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Trailblazer of Native Hawaiian education, David Kekaulike Sing honored with Lifetime Achievement Award

Nā Pua Noʻeau  Summer Institute Ho'okele Wa'a.jpg
Nā Pua Noʻeau
Students at the Nā Pua Noʻeau Summer Institute learn about hoʻokele waʻa (navigation, voyaging)

David Kekaulike Sing has been praised as a “pioneer” and “innovator” in Native Hawaiian education, but he never set out to revolutionize the way Hawaiian students were learning. He was determined to transform the westernized education system responsible for teaching them.

Younger generations of Native Hawaiians may have difficulty imagining a world without culture-based education — where integrating Hawaiian history, language, and values into the curriculum was seen as unnecessary and frivolous. But that’s the education system Sing grew up in.

"The only programs for Hawaiians were problem-based, remedial programs for kids that were getting in trouble," he said.

poi making students native hawaiian
Nā Pua Noʻeau
Students learn how to make poi

It was the mid-'70s, nearly a decade before the unique educational needs of Hawaiians were officially recognized with the passage of the Native Hawaiian Education Act. But by then Sing had already developed an alternative learning model for Hawaiian students in higher education.

"The Hawaiian Leadership Development Program is the first program built around being Hawaiian, the strength of being Hawaiian. That was the first sort of support service program in the whole University of Hawaiʻi system," Sing said.

Other campuses used Sing’s model to enhance recruitment, retention, and graduation of Native Hawaiians. The idea of a strength-based approach to educating Native Hawaiians took hold. The University of Hawaiʻi recruited Sing to develop a similar program — but this time for Hawaiian students in grades K-12.

"And so that was how Nā Pua Noʻeau started. We started in Hilo. And kids used to come over from the other islands. And by the 10th year, it just went ballistic. We had so many programs we had, we were serving 2,000 kids a year and we had over 150 teachers working."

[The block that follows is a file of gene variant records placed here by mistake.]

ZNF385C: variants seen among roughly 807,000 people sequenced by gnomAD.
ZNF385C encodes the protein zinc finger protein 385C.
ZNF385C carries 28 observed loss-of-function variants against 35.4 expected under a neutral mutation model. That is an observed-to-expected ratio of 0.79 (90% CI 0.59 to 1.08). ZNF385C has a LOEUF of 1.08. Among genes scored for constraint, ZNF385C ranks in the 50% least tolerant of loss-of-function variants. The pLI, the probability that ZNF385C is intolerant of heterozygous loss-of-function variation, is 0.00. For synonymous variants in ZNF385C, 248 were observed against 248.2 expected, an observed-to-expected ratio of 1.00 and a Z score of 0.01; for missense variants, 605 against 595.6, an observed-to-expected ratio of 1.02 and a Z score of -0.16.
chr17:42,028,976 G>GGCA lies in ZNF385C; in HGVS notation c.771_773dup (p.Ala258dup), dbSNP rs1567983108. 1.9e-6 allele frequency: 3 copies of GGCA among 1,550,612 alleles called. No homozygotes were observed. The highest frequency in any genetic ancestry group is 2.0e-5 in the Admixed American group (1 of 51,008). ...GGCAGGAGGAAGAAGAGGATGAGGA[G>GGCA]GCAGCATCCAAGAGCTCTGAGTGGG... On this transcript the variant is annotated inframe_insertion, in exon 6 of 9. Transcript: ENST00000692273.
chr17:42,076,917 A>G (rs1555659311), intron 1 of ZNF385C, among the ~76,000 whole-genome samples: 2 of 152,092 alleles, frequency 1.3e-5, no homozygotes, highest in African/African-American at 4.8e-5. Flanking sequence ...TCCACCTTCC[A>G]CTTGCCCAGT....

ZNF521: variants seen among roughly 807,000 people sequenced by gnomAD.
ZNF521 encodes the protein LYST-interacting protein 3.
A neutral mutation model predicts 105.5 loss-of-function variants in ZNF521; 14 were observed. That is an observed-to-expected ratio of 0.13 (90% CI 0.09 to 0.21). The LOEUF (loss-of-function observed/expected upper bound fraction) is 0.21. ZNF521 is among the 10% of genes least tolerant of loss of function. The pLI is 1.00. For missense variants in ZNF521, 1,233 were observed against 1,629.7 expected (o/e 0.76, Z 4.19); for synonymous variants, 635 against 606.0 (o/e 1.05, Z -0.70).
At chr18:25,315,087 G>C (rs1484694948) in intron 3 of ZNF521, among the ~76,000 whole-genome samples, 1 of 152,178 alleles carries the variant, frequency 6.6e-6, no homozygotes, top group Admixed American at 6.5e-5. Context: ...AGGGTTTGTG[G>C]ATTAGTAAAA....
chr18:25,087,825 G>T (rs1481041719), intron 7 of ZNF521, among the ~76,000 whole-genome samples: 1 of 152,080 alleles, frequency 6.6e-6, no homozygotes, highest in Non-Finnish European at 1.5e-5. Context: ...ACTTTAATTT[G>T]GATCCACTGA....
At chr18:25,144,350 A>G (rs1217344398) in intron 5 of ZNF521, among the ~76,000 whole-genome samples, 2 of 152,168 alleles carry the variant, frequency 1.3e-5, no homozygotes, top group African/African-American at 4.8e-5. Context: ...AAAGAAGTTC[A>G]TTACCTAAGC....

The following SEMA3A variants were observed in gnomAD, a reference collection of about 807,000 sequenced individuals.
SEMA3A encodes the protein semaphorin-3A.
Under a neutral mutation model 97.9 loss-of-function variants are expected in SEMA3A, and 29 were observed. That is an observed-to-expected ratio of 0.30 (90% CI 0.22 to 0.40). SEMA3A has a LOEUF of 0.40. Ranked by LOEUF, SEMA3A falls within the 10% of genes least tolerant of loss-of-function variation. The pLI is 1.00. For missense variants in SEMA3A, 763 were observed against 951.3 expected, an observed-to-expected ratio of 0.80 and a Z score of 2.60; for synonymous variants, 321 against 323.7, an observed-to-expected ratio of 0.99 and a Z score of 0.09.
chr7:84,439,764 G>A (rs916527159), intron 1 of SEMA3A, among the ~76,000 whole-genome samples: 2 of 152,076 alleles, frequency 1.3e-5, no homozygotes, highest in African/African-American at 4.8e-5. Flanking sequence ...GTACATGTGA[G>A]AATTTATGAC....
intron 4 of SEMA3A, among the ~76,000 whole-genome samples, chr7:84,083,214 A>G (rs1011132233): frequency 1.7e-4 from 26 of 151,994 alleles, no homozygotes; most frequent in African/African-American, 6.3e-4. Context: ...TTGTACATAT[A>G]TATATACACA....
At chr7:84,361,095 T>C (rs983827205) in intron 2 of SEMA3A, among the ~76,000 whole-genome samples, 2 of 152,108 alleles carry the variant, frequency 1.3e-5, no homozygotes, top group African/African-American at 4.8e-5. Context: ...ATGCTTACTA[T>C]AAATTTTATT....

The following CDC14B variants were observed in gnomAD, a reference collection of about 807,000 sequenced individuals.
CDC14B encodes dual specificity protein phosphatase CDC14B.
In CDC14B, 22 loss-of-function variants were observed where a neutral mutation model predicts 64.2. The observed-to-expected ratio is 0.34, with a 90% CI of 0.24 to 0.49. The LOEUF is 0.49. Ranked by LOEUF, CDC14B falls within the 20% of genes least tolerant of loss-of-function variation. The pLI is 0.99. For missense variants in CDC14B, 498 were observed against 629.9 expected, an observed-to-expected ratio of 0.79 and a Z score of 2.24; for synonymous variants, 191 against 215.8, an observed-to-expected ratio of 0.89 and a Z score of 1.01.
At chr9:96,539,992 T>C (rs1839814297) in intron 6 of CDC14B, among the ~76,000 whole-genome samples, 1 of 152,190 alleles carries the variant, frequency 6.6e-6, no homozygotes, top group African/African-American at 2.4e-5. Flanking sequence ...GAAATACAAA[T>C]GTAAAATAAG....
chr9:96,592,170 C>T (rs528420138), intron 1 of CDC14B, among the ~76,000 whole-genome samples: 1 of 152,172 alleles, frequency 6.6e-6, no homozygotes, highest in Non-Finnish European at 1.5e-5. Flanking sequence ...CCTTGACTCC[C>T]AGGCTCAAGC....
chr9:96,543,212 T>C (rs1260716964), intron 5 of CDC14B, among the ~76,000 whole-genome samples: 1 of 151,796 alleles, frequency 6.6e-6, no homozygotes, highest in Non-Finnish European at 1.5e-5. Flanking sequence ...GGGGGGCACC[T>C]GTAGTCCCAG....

Uncle David Nā Pua Noʻeau
Nā Pua Noʻeau
Nā Pua Noʻeau with "Uncle David" -- center, second row from the bottom

Nā Pua Noʻeau was designed as an enrichment program hosting Hawaiian students outside the classroom setting with events like Super Saturdays and Summer Institutes. For most students, it was the only place to immerse themselves in the culture and meet other Hawaiian students.

"The real success of it wasnʻt so much just culture-based education. It was about having every child believe in who they are, built around the sense that they’re Hawaiian. No matter how poorly they were doing in school, we wanted to bring out the strengths of who they are to believe that anything is possible," he told Hawaiʻi Public Radio.

Sing, known affectionately by former students as "Uncle David," retired from UH four years ago. He was honored this year by the National Indian Education Association with a Lifetime Achievement Award for his contribution to Native Hawaiian education.

Office of Hawaiian Affairs
Dr. David Kekaulike Sing was honored by the National Indian Education Association with a Lifetime Achievement Award.

Kuʻuwehi Hiraishi is a general assignment reporter at Hawaiʻi Public Radio. Her commitment to her Native Hawaiian community and her fluency in ʻōlelo Hawaiʻi has led her to build a de facto ʻōiwi beat at the news station. Send your story ideas to her at
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